Many ladders have weight limitations. Exceeding a ladder’s weight capacity can break the ladder’s rungs or rails and cause a serious injury. Climbers need to keep the weight capacity in mind when carrying things up the ladder.
Victims may also get hurt because they use a step ladder when an extension ladder is necessary. Standing on the top rung of a step ladder to reach high enough to complete a project can cause the climber to
- lose his or her balance,
- fall, and
- get hurt.
5. The ladder was worn, damaged, or broken
Damaged, broken, or overused ladders can break and cause a serious fall. While this can happen through poor equipment maintenance or by not inspecting the ladder before using it, it can also happen if the ladder was defective.
These accidents are often severe, as well, because the victim had no way of preventing it and was unaware of the danger.
What are some common injuries?
Ladder accidents can cause some serious injuries to the victim. Some of the most common and severe ladder-related injuries include:
- broken or fractured foot,
- broken leg,
- fractured hip,
- broken hand or wrist, sustained when the climber tried to break their fall,
- neck injuries,
- head injuries, including a concussion or a traumatic brain injury (TBI),
- back injuries, including spinal cord injuries,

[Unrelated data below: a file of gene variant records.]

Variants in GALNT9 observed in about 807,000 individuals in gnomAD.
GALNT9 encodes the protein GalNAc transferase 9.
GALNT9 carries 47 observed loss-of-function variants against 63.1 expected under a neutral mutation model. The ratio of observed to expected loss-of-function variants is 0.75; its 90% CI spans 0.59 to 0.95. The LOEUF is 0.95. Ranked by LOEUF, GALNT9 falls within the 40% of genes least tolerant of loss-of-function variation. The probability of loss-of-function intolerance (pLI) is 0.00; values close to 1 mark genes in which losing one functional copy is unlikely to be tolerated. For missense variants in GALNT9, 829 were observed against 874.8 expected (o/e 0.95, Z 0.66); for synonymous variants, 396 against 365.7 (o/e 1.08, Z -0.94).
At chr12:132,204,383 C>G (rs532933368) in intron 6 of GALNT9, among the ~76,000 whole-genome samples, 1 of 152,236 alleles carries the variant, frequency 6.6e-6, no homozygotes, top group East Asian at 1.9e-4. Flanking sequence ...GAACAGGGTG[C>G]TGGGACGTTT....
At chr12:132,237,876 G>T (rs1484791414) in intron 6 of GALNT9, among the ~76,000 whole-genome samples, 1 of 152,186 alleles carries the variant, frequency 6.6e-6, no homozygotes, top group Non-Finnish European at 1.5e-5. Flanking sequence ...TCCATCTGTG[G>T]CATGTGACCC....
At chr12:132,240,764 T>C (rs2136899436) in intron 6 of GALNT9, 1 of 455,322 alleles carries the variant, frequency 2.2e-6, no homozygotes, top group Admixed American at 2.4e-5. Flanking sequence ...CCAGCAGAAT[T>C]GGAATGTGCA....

- electrocution, which can happen if a metal ladder touches a live power wire,
- bruises, and
- cuts or lacerations.
Many of these injuries require emergency room care and extensive medical treatment.
Some ladder accidents also produce fatal falls. If this happens, accident lawyers can help the victim’s loved ones file a wrongful death claim on the victim’s behalf.
Who can be held responsible for a ladder fall?
Not all ladder accidents are the fault of the person climbing the ladder. In some cases, the victim was not at fault for the accident. If someone else was responsible, they can be held liable and made to compensate the victim. If the accident happened in the workplace, the victim should be able to recover workers’ compensation, even if they were at fault.
If the ladder accident was caused by a defective ladder, then the victim can file a product liability lawsuit against the companies that made and sold the ladder. This lawsuit can demand compensation for the injuries caused by the ladder’s:
Unsafe ladders on someone else’s property can lead to premises liability. If the victim falls and gets hurt while using the property owner’s unsafe or damaged ladder, the property owner may be held responsible.
For example: The owner of an apartment complex hires an HVAC professional to do work on the rooftop. The owner sends the HVAC worker up a fixed ladder on the side of the building. A rung on the ladder breaks and the worker gets seriously hurt.
If the victim was hurt in a workplace accident, he or she can file for workers’ compensation. They can recover this compensation, even if they were negligent and caused the accident.
Many ladder accident cases happen in the workplace. According to the Centers for Disease Control and Prevention (CDC), 20 percent of injuries from workplace falls involved a ladder. This number skyrockets to 80 percent on construction sites.1
- Occupational Ladder Fall Injuries — United States, 2011. Centers for Disease Control and Prevention (CDC). Morbidity and Mortality Weekly Report (MMWR). April 25, 2014 / 63(16);341-346. Fatal injuries from ladders down in 2020; nonfatal ladder injuries were essentially unchanged, U.S. Bureau of Labor Statistics. Jennifer Yario, Trends in … ladders and lifts, Safety & Health (February 20, 2022).